The public is at little risk of contracting the coronavirus while outside, the provincial health officer has stated, calling that possibility both “negligible” and “infinitesimally small.”
Dr. Bonnie Henry made those comments Wednesday, in response to a question about the risks of outside transmission of the virus.
“The risk that somebody who is sick is spreading this virus from coughing or sneezing outside and you walk by them very quickly, even if it is within six feet, is negligible. That’s not the way this virus is mostly transmitted,” said Henry.
Henry’s repeated comments that the risk of contracting the virus in outdoor settings is low has some outdoors advocates hopeful that provincial parks may soon be more available to the public.
The provincial and federal governments closed provincial and national parks earlier in the pandemic. Municipalities have followed with a variety of rules and suggestions for outdoor spaces, some less restrictive than others.
Steve Jones, a North Vancouver parks advocate and outdoors blogger, said he supported the province’s early decision to close the parks but is hoping some kind of re-opening will happen soon.
Provincial parks are such large areas and are so “massively underfunded” that in the early days of the pandemic “the only thing they could do was hit the kill switch,” said Jones.
But as people are cooped up for longer indoors and information about the virus grows as well, “I think people are getting antsy,” he said. “They’re getting more and more antsy all the time.”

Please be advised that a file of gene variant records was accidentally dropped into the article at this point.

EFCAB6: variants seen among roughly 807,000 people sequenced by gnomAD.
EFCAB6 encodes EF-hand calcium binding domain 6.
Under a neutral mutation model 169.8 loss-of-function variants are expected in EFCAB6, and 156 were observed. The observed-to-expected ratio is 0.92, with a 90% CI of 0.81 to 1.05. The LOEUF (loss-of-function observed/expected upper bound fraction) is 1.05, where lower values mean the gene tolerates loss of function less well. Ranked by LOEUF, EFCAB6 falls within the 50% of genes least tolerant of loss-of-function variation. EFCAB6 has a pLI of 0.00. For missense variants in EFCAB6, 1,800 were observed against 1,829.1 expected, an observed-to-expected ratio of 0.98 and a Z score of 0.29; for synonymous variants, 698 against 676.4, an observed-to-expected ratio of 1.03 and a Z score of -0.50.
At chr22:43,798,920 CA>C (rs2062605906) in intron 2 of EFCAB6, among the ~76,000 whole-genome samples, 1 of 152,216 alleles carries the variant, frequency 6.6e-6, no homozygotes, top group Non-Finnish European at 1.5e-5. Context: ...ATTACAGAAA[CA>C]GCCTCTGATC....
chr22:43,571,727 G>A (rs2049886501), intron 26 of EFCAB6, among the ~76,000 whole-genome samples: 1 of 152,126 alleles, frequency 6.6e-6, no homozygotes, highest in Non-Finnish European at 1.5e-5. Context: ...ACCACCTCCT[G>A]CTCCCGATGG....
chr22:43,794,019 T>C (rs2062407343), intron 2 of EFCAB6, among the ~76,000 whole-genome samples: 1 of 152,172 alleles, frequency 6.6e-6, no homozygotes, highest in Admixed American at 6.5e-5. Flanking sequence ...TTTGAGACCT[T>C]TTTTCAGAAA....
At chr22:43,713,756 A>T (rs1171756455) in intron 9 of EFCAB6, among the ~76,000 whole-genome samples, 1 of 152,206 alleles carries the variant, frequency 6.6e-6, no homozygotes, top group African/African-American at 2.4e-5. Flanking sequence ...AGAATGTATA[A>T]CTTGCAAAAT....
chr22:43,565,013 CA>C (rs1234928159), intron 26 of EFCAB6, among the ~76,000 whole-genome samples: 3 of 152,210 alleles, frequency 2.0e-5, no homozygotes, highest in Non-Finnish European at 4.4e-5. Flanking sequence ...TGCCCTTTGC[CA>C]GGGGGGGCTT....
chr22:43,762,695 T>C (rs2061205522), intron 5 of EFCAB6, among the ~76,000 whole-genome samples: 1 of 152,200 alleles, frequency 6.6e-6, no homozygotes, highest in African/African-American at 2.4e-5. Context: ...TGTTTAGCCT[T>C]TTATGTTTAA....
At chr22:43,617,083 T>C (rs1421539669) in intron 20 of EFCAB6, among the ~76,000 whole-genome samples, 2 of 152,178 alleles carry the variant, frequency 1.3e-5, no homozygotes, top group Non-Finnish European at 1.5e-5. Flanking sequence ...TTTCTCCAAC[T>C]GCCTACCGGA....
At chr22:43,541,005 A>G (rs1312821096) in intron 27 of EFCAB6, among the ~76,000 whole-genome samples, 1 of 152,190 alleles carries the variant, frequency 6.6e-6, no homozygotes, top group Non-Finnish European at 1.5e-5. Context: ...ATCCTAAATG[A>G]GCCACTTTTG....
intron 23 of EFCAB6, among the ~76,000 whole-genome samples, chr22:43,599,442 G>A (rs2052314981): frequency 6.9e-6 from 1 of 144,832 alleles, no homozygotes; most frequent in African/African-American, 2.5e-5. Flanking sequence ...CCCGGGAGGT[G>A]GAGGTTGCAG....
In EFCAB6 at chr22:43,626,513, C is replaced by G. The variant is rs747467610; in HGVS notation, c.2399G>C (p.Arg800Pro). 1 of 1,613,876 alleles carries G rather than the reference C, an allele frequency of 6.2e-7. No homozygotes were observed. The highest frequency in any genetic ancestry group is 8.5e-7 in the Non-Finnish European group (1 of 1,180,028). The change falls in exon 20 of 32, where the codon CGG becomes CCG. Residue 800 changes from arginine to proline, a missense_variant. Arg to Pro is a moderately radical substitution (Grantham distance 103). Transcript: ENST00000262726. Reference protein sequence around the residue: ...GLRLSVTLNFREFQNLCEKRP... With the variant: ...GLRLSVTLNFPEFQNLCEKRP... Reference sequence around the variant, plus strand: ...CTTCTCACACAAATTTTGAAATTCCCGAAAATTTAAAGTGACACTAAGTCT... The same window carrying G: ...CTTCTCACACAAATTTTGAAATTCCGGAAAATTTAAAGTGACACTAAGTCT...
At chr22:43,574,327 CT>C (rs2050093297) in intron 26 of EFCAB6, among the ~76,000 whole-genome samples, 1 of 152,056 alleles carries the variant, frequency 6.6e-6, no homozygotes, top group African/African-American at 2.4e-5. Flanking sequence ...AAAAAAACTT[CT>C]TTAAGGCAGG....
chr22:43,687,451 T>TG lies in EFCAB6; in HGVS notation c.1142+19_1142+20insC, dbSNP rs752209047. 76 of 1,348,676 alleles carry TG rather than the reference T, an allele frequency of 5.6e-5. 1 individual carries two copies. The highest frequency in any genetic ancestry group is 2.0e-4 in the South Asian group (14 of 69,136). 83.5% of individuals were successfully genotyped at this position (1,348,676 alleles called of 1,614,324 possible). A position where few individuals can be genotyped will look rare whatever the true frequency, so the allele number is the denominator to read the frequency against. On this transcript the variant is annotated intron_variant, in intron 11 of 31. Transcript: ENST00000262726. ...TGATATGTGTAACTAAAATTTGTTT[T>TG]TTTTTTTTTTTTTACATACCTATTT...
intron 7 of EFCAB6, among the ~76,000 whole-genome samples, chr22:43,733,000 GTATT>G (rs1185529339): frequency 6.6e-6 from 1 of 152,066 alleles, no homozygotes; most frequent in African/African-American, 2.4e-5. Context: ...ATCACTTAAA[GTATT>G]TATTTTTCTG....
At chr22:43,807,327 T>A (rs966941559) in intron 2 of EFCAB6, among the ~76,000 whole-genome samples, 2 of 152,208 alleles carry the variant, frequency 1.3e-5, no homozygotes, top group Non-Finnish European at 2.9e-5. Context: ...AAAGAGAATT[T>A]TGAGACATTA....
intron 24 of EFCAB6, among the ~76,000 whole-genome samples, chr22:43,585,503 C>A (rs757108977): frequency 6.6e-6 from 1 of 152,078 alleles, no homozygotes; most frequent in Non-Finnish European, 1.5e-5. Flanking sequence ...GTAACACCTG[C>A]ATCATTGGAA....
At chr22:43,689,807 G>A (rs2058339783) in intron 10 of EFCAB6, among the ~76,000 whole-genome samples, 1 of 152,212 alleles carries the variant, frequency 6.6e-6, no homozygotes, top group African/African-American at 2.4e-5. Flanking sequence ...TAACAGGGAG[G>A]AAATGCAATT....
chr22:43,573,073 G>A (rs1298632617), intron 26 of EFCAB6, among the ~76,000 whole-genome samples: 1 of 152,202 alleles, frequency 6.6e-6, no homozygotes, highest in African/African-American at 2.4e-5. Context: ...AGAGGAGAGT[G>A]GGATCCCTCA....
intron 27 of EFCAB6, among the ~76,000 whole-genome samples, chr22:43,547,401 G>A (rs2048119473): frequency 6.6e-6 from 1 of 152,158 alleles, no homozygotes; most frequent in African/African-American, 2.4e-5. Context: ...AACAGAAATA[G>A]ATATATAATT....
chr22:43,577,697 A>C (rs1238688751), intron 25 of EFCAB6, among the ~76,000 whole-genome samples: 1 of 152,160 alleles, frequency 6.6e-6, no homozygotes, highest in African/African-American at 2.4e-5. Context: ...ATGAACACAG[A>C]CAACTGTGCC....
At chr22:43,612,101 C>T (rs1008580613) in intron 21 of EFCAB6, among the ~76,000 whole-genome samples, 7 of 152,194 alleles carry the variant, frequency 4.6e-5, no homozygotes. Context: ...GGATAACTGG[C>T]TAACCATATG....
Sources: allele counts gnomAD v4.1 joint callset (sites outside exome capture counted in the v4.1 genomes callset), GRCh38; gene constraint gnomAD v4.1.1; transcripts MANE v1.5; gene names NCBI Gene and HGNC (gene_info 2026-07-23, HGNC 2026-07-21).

Both Henry and other provincial officials have said that reopenings are likely in the works.
“We are looking at how we can open up the parks in a safe way as we start to transition to our new normal, and we're also talking with the federal government around federal parks and how they can be managed in a safe way for the future,” said Henry this week.
Jones said that would be welcome. “We have two massive provincial parks in our backyard,” he said, referring to Cypress and Seymour provincial parks. “I think people are really looking forward to [the province] putting a plan in place.”
Monika Bittel, another North Vancouver parks advocate and member of the Federation of Mountain Clubs of B.C., said she’s also hoping some provincial parks can be re-opened soon.
“I don’t think it should be a blanket closure of provincial parks,” she said. “In the Lower Mainland we have a population of 2.8 million, and we're all getting crammed into the few parks that are open which are typically regional or municipal operated.”
While some parks likely can’t be re-opened quickly – such as those which could attract out-of-town crowds to small communities or rock climbing areas that involve lots of touching – others could be, she said.
That’s especially true of provincial parks in or near to Metro Vancouver, like Cypress, Seymour and parts of Garibaldi, said Bittel.
"We should be able to manage having parts of those parks opening. I think we should be able to manage the risk."
Opening up more trails in the lower Seymour area would be especially welcome, Jones said, although he added at higher elevations the public still needs to be aware of winter conditions.